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Why Solicitors Should Commission an Education and Community Care Expert Report Before Settling a Severely Disabled Child’s Claim

Why Personal Injury Solicitors Should Commission an Education and Community Care Expert Report Before Settling a Severely Disabled Child’s Claim

Personal Injury (PI) settlements for young people under 25, who are likely to require special educational provision, should include an Educational Indemnity in the final settlement Order. This ensures that costly litigation to secure educational support is indemnified, and where adequate provision cannot be secured through a Tribunal appeal, this support will be funded by the person or body responsible for the child’s injuries.

Young people with complex Special Educational Needs often need to stay in education for a longer period to be able to consolidate their learning and prepare for adulthood. This is recognised by the Children and Families Act 2014, which provides for Education Health Care Plans to be maintained up to age 25.

Our Community Care and Education Law team prepare expert reports for Personal Injury lawyers to advise on the likely amount of public funding the child will receive for education, health and social care provision. Our reports support settlement negotiations on the additional costs that should be claimed on the child’s behalf.

A child who has suffered a brain injury at birth may have lifelong developmental delay and complex and interrelated educational, health and social care needs. For children with severe and complex disabilities, it is unlikely that their needs can be met in a mainstream school. They may require a specialist placement capable of providing integrated therapies. Local Authority maintained special schools are often not sufficiently specialised to meet such complex needs. A more suitable option may be an independent special school placement, which Local Authorities are usually reluctant to fund.

In some circumstances, the child may not be medically well enough to attend school at all, and may require a home education programme. Families often face obstacles in obtaining state funding for home education, as the Local Authority can argue that the parent is ‘choosing’ to home educate, and that this is not an assessed need.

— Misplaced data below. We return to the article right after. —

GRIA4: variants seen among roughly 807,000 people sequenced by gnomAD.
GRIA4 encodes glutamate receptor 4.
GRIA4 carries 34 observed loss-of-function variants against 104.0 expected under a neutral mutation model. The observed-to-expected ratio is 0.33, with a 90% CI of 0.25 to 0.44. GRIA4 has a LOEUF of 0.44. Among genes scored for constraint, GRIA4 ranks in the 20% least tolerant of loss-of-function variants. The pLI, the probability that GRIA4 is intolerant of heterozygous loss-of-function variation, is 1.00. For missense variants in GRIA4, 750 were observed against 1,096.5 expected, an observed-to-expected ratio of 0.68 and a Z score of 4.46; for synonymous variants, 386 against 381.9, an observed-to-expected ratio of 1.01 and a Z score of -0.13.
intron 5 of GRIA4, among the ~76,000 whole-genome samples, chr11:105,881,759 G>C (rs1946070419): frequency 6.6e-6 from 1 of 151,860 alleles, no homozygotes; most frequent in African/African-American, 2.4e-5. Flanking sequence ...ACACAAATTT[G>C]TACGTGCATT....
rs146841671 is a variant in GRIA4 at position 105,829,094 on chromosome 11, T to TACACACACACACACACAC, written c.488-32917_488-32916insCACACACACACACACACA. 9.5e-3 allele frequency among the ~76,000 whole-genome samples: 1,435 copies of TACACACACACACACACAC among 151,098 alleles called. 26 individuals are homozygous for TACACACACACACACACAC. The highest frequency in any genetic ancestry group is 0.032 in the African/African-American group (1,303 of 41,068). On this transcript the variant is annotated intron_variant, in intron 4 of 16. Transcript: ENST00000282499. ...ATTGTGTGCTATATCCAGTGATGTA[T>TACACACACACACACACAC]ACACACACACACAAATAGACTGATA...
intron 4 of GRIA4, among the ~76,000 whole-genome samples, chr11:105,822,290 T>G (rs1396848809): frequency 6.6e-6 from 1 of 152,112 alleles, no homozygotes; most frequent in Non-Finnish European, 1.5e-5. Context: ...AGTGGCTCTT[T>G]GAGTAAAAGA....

The reality is that parents often have to pursue the Local Authority through the Special Educational Needs and Disability (SEND) Tribunal in order to secure independent special school placements and/or therapies and equipment which meet their child’s SEN. This is a costly process involving not only solicitors’ and barristers’ fees, but expensive independent expert fees, such as Educational Psychologists, Physiotherapists, Speech and Language Therapists. Parents rarely recover their costs even if successful at their Tribunal appeal.

It is not uncommon for some families to face more than one Tribunal appeal in their child’s educational career. The transition stages from primary to secondary, secondary to post-16, and post-19, can often trigger Local Authority attempts to impose alternative cheaper placements, or less adequate packages of support.

Unfortunately, securing ongoing educational provision, particularly for young people between age 19 and 25, is an uphill struggle. It is therefore essential that their lawyers consider an Educational Indemnity in both the claim and in any settlement.

Our Community Care Law team work in partnership with Personal Injury litigators across England to ensure that their clients have the necessary financial resources to fight for educational provision that meets their complex needs.

This means that children and young people are not drawing down on parts of their settlement awards which are intended to cover future care costs, in order to fund SEND appeals or to pay expensive independent school fees.

To learn more about our services for lawyers please see here and refer to our brochure Martin Searle Solicitors’ Community Care & Education Law Services for Professional Deputies & Attorneys or contact our Community Care Law team on 01273 609911, or email info@ms-solicitors.co.uk.

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Sara Clarke

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